Food Allergy Update – life+running

Food Allergy Update

 It’s been a while since I posted about my food allergies.

I mention them briefly when posting recipes because I inevitably end up subbing something out for an allergy. Otherwise, I don’t talk much about my allergies.

I’ve learned to live with my food allergies,  and — more exciting — I’m not as allergic to things as I used to be.

Here’s a quick recap of my food allergy journey.

  • Back in 2013 when I was diagnosed with food allergies, the allergist gave me a laundry list of things that make my immune system go crazy.
  • I tried to eat allergy-free as much as I could because there is a school of thought that says that allergies go away if you cycle them out.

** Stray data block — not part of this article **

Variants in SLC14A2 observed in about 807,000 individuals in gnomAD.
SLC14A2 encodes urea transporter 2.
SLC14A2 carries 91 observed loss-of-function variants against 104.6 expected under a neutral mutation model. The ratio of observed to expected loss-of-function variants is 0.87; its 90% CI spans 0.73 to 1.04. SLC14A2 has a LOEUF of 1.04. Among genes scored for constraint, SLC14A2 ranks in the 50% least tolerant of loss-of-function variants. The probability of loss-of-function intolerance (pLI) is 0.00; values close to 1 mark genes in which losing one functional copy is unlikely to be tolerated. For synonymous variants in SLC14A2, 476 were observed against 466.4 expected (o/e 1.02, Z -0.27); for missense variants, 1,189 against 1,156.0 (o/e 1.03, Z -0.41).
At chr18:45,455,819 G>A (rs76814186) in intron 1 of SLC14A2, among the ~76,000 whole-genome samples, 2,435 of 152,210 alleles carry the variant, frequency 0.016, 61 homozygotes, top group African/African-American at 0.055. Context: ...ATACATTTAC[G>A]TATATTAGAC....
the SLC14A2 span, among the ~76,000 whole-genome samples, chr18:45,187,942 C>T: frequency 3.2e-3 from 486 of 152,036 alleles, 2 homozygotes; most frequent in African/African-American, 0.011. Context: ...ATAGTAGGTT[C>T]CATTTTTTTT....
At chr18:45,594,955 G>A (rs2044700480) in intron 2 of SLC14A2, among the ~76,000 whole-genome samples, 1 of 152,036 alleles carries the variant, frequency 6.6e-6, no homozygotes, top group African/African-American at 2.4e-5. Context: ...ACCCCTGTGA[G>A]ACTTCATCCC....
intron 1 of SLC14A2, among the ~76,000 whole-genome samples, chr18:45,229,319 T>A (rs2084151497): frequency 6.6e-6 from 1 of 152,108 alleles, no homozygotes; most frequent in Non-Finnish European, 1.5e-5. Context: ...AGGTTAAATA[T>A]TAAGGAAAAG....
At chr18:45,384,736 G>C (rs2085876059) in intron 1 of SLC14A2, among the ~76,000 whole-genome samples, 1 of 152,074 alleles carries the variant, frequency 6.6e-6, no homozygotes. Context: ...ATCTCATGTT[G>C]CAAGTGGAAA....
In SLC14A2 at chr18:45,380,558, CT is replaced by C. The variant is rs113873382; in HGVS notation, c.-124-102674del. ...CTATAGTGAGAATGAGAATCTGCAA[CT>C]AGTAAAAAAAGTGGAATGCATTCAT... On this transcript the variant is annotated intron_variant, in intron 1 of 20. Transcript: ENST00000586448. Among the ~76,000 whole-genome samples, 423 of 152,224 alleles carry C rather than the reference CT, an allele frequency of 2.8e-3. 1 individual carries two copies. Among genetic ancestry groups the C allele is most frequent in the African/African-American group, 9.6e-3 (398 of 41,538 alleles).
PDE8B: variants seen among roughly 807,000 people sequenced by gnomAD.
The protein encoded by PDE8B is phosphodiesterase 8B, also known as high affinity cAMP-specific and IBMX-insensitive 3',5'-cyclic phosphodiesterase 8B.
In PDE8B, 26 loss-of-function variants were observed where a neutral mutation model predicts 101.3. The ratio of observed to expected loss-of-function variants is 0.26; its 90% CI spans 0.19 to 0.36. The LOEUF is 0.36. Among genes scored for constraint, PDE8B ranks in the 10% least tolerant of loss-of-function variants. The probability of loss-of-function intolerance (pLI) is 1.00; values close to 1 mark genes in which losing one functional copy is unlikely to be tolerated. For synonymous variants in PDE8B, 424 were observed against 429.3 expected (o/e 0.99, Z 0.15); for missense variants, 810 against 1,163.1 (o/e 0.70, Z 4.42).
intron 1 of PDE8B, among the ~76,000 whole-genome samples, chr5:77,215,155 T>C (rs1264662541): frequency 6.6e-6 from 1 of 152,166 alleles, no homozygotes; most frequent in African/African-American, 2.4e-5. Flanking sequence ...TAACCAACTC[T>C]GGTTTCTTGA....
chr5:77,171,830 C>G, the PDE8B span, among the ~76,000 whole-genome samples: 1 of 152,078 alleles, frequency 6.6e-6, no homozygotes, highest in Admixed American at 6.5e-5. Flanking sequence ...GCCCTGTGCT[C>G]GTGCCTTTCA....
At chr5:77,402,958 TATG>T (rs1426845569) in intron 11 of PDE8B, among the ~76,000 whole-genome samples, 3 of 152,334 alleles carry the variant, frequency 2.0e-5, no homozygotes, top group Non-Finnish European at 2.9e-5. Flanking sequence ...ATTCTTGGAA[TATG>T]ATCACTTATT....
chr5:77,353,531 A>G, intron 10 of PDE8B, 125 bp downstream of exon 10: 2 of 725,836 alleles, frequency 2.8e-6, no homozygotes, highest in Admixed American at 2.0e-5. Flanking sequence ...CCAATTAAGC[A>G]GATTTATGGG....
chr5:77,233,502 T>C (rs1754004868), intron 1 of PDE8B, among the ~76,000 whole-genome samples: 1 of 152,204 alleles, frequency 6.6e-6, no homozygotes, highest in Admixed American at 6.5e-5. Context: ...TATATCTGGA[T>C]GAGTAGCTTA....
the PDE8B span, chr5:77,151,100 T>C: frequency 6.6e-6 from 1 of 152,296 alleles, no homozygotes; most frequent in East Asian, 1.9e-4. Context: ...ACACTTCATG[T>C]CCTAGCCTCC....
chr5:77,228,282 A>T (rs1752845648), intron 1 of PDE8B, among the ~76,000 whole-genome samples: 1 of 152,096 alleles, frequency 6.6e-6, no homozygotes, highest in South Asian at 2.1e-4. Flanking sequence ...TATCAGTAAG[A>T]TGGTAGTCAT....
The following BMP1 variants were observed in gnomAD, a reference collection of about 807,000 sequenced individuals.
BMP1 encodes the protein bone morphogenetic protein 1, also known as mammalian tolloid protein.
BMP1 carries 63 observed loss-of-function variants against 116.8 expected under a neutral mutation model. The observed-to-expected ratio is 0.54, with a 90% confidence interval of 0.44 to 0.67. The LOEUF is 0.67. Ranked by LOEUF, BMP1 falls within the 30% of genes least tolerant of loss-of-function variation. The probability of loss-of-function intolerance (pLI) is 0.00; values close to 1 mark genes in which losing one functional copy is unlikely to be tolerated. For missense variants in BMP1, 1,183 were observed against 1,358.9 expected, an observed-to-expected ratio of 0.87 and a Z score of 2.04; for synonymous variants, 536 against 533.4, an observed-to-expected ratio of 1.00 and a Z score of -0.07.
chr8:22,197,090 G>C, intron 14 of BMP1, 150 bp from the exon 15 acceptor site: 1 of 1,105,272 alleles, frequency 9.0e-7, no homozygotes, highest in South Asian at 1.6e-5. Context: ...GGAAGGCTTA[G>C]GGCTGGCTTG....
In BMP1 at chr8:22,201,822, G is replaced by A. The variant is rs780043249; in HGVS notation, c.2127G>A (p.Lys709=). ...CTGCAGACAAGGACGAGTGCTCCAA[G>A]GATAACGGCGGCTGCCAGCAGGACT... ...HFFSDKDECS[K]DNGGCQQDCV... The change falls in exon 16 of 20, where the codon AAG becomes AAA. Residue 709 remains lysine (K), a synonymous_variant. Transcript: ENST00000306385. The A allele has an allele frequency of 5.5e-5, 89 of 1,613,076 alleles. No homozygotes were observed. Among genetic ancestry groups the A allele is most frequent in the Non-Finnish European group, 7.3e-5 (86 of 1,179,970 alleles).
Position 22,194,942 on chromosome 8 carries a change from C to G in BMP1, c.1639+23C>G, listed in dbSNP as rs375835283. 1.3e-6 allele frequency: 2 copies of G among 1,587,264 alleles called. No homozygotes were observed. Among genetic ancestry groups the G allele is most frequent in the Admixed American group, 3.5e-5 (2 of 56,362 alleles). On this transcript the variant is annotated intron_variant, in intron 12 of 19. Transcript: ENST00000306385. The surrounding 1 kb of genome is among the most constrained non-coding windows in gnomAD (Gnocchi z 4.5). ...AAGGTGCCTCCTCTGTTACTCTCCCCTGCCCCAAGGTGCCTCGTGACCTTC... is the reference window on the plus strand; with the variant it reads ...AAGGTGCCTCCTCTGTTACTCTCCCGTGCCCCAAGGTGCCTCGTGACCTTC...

• After a few months of eating completely allergy free, I added my most mild allergens back into my diet.
  • After a few years of going mostly allergy-free, I couldn’t stand avoiding my favorite foods anymore, and conceded to try adding my bigger allergens back into my diet.

Basically, I gave my system an ultimatum, “Hey, you, digest this and don’t complain.” Fortunately for me, I don’t have any life-threatening food allergies (except maybe quinoa, but I don’t plan to eat that ever again). So I can pop a few Benedryl if I begin having reactions and I’m usually okay. If I have a bad reaction (even with the Benedryl) my body feels hungover the next day, so I try to avoid those.

Here’s where I’m at now.

  • I’m still avoiding tomatoes and quinoa completely.
  • I avoid almonds because I don’t particularly like them anyway and they still give me pretty big reactions (and yes, I’m allergic to almond milk, which is surprisingly a question I get often).*